Friday, October 1, 2010

Drop the Use of Rating Scales and Use MaxDiff Now

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I admit when I take a survey and am faced with a rating scale I will intentionally give a less than perfect score. It's very common for me to give a restaurant 4 1/2 out of 5 even though my dining experience was delicious. Why? Because I always feel there is always room improvement and nothing is truly perfect. Then again this is MY personality. One of my friends, who shall remain nameless, is the total opposite of me - an "all or nothing" person . It's got to be 10/10 or she's going to rate her experience in the gutter. We are a ratings scale's worse nightmare (customer bias) and there's no way you can control this....unless you use MaxDiff.

Michaela Mora, founder of Relevant Insights, wrote an amazing article called, "Making the Case for MaxDiff" which made MaxDiff easy to understand. According to this article, "MaxDiff is a superior technique for the research of preferences or importance. " It is an approach for obtaining preference/importance scores for multiple items (brand preferences, brand images, product features, advertising claims, etc.) that do not need to be similar to each other. Click here to review article from Relevant Insights:

MaxDiff Benefits include:

  • Strong discrimination power

  • It is a simple task for the respondent

  • Allows to test a larger number of items

  • Eliminates scaling bias

  • Allows for diversity, which is necessary in international studies

  • Provides ratio data and a measure of magnitude

In a sense this forces my friend and me to choose what we like the most and what we like the least without having to add or subtract a half point due to customer bias. People young and old can easily participate in a MaxDiff research study. To get started using SurveyAnalytics' MaxDiff tool you will need to:

1) Put together a list of features/attributes you would like to present to your respondents.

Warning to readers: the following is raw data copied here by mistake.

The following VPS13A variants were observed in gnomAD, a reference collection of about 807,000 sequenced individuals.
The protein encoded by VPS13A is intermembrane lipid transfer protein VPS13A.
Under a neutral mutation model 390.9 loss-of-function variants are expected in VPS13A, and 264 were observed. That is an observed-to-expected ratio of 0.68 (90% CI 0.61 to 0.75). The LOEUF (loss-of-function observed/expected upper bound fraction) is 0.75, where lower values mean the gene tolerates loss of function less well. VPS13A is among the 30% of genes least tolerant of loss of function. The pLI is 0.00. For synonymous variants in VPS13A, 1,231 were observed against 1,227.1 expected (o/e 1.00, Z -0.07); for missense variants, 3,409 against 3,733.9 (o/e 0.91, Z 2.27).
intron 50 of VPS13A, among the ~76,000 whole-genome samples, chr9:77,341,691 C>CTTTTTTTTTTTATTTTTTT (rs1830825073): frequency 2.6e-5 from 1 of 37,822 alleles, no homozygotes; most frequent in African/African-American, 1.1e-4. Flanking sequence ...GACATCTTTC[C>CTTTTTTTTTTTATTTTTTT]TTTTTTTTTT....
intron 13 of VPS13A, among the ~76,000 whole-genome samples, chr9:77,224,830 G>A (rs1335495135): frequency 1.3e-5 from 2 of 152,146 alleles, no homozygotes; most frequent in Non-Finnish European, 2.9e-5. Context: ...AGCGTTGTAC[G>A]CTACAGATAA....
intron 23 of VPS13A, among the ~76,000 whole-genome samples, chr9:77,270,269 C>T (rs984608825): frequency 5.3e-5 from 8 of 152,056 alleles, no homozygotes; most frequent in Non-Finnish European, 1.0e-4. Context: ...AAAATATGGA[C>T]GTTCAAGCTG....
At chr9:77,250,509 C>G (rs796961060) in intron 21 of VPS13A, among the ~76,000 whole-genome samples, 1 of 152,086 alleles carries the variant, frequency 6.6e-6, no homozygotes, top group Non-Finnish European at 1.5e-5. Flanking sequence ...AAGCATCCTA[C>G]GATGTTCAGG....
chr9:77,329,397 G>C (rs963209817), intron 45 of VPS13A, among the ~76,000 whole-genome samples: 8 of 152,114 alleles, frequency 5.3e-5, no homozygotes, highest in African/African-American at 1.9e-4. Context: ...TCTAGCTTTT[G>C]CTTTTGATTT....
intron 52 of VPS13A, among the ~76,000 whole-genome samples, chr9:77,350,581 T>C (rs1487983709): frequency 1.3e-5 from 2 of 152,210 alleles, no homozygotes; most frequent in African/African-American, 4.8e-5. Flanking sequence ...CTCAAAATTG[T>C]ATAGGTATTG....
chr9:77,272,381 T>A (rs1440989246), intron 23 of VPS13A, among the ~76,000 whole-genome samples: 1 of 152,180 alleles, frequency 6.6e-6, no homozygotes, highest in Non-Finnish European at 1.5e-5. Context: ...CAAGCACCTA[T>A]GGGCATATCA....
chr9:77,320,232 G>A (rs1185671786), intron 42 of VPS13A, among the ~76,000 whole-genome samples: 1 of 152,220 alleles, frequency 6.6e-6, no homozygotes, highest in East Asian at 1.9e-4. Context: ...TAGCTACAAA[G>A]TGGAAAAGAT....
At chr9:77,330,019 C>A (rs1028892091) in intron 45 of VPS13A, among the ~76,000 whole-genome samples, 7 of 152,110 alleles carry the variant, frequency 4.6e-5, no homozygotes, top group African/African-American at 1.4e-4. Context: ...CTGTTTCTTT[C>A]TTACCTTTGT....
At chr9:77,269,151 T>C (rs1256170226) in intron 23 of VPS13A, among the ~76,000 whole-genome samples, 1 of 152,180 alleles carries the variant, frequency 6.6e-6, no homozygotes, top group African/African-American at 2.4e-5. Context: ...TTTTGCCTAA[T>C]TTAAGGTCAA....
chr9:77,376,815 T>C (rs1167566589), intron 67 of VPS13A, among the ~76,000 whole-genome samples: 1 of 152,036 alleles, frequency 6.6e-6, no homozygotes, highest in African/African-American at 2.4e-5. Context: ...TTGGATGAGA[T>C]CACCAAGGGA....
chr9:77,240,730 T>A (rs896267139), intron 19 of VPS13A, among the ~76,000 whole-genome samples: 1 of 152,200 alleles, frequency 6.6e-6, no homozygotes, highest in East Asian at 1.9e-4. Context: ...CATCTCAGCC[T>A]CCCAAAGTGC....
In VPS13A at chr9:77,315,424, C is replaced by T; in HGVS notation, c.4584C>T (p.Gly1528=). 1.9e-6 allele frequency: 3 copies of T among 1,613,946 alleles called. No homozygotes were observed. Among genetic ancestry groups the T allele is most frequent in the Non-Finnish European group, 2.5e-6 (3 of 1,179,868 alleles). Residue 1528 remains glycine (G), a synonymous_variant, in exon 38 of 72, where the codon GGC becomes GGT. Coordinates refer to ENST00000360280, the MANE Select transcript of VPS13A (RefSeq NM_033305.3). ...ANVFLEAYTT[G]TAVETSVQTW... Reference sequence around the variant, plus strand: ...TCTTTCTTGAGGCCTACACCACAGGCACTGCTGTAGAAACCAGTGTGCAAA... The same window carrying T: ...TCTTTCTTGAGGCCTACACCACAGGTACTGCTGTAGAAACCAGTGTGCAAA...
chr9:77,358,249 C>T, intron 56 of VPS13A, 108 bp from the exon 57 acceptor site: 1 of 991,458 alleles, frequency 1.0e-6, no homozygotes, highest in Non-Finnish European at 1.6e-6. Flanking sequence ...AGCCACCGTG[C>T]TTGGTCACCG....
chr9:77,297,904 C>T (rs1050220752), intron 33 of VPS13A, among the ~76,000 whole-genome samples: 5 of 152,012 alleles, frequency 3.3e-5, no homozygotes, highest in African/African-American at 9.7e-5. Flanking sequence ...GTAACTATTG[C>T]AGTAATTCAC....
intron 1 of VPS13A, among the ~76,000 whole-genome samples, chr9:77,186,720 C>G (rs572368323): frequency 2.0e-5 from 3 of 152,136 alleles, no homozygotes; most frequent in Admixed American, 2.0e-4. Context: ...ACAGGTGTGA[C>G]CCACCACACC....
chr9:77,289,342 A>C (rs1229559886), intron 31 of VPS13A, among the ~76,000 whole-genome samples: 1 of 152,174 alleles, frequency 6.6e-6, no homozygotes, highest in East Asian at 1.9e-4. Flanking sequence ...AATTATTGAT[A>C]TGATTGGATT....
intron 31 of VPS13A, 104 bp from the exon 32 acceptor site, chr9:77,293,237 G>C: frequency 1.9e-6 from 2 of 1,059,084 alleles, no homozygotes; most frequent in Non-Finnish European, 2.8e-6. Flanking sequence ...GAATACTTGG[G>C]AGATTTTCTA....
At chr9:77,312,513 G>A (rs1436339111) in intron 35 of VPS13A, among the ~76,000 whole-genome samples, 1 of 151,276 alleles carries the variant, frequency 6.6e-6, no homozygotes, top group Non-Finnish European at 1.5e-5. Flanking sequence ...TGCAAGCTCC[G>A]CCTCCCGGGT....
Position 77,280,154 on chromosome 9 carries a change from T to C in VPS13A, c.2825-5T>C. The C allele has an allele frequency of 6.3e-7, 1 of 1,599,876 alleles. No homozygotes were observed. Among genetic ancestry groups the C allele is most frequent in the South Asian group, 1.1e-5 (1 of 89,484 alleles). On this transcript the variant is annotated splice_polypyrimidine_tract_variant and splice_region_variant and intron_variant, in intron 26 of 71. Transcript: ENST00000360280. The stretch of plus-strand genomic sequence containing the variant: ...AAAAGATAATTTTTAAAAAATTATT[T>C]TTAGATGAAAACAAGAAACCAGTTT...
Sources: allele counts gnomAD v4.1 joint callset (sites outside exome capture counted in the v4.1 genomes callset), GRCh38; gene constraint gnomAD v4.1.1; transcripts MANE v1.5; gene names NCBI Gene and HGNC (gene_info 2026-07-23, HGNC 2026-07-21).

2) Specify number of features the respondent will see at one time.

3) Analyze your results. The advanced reporting tools from SurveyAnalytics makes it easy for researchers with only minimal exposure to statistics to conduct sophisticated research for the scaling of multiple items. The trade-off techniques used in MaxDiff/Web are robust and easy to apply. The resulting item scores are also easy to interpret, as they can be placed on a 0 to 100 point common scale and sum to 100. Anytime a trade-off analysis question is being asked the respondent is going to take a bit of time to think about it. And even though you will get a most/least preference data, you will still need to dig deeper with other question types to find out why certain features are preferred over others. So that is why this title says "Drop the Use" and not "Stop the Use." Rating scale, constant Sum, and ranking question types can still be useful in gathering data. Combine it with a MaxDiff analysis tool and you will provide your company with richer results to analyze.

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About the Authors: Esther LaVielle is a Senior Account Manager at QuestionPro and Survey Analytics, which was started in 2002 in Seattle and is now one of the fastest growing private companies in the US. Prior to her adventure at QuestionPro she spent 3 years as a Qualitative Project Manager at the Gilmore Research Group.

"Making a Case for MaxDiff" Author, Micheala Mora

Michaela is a market research professional with 15 years of international hands-on experience in industries such as internet subscription services, entertainment, online personals , offline and online retailing, automotive, travel, consumer packaged goods, and consulting services. Michaela has conducted more than 300 studies including new product concept testing, market segmentation, customer satisfaction, A&U, pricing research, copy testing and Web site usability. Michaela holds a MS in Marketing Research from The University of Texas at Arlington, a MS in Marketing, Advertising and PR from Stockholm University, and a BS in Psychology from Havana University. She also received the Professional Researcher Certification at the Expert Level, issued by the Marketing Research Association (MRA). She is fluent in English, Spanish and Swedish. For more information on Relevant Insights go to
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